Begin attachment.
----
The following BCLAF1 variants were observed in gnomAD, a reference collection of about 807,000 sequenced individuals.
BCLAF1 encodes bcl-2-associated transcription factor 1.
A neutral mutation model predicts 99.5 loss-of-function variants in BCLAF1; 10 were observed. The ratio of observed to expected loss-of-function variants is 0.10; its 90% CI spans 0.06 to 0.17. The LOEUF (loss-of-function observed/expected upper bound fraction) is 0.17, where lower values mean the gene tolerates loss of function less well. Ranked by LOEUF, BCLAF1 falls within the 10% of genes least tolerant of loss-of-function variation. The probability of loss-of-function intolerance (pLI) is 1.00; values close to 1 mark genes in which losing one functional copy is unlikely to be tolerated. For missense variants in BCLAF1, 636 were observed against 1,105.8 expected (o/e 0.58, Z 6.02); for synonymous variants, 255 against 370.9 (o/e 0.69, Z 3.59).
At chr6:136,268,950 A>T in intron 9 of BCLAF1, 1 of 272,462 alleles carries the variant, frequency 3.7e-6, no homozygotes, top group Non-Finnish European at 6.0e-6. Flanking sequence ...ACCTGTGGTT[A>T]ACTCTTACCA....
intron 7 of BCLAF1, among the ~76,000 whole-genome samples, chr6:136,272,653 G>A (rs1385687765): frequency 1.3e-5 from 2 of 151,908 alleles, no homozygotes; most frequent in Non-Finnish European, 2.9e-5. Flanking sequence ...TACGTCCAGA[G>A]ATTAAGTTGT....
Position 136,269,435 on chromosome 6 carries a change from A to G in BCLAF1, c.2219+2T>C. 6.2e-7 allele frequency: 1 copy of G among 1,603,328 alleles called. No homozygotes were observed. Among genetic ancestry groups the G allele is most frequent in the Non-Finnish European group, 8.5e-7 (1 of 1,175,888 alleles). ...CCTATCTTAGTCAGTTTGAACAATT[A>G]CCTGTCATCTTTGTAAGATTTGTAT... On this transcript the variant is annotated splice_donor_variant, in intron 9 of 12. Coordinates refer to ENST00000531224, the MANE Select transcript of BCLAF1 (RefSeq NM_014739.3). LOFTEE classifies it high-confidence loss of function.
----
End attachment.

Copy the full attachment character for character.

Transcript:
The following BCLAF1 variants were observed in gnomAD, a reference collection of about 807,000 sequenced individuals.
BCLAF1 encodes bcl-2-associated transcription factor 1.
A neutral mutation model predicts 99.5 loss-of-function variants in BCLAF1; 10 were observed. The ratio of observed to expected loss-of-function variants is 0.10; its 90% CI spans 0.06 to 0.17. The LOEUF (loss-of-function observed/expected upper bound fraction) is 0.17, where lower values mean the gene tolerates loss of function less well. Ranked by LOEUF, BCLAF1 falls within the 10% of genes least tolerant of loss-of-function variation. The probability of loss-of-function intolerance (pLI) is 1.00; values close to 1 mark genes in which losing one functional copy is unlikely to be tolerated. For missense variants in BCLAF1, 636 were observed against 1,105.8 expected (o/e 0.58, Z 6.02); for synonymous variants, 255 against 370.9 (o/e 0.69, Z 3.59).
At chr6:136,268,950 A>T in intron 9 of BCLAF1, 1 of 272,462 alleles carries the variant, frequency 3.7e-6, no homozygotes, top group Non-Finnish European at 6.0e-6. Flanking sequence ...ACCTGTGGTT[A>T]ACTCTTACCA....
intron 7 of BCLAF1, among the ~76,000 whole-genome samples, chr6:136,272,653 G>A (rs1385687765): frequency 1.3e-5 from 2 of 151,908 alleles, no homozygotes; most frequent in Non-Finnish European, 2.9e-5. Flanking sequence ...TACGTCCAGA[G>A]ATTAAGTTGT....
Position 136,269,435 on chromosome 6 carries a change from A to G in BCLAF1, c.2219+2T>C. 6.2e-7 allele frequency: 1 copy of G among 1,603,328 alleles called. No homozygotes were observed. Among genetic ancestry groups the G allele is most frequent in the Non-Finnish European group, 8.5e-7 (1 of 1,175,888 alleles). ...CCTATCTTAGTCAGTTTGAACAATT[A>G]CCTGTCATCTTTGTAAGATTTGTAT... On this transcript the variant is annotated splice_donor_variant, in intron 9 of 12. Coordinates refer to ENST00000531224, the MANE Select transcript of BCLAF1 (RefSeq NM_014739.3). LOFTEE classifies it high-confidence loss of function.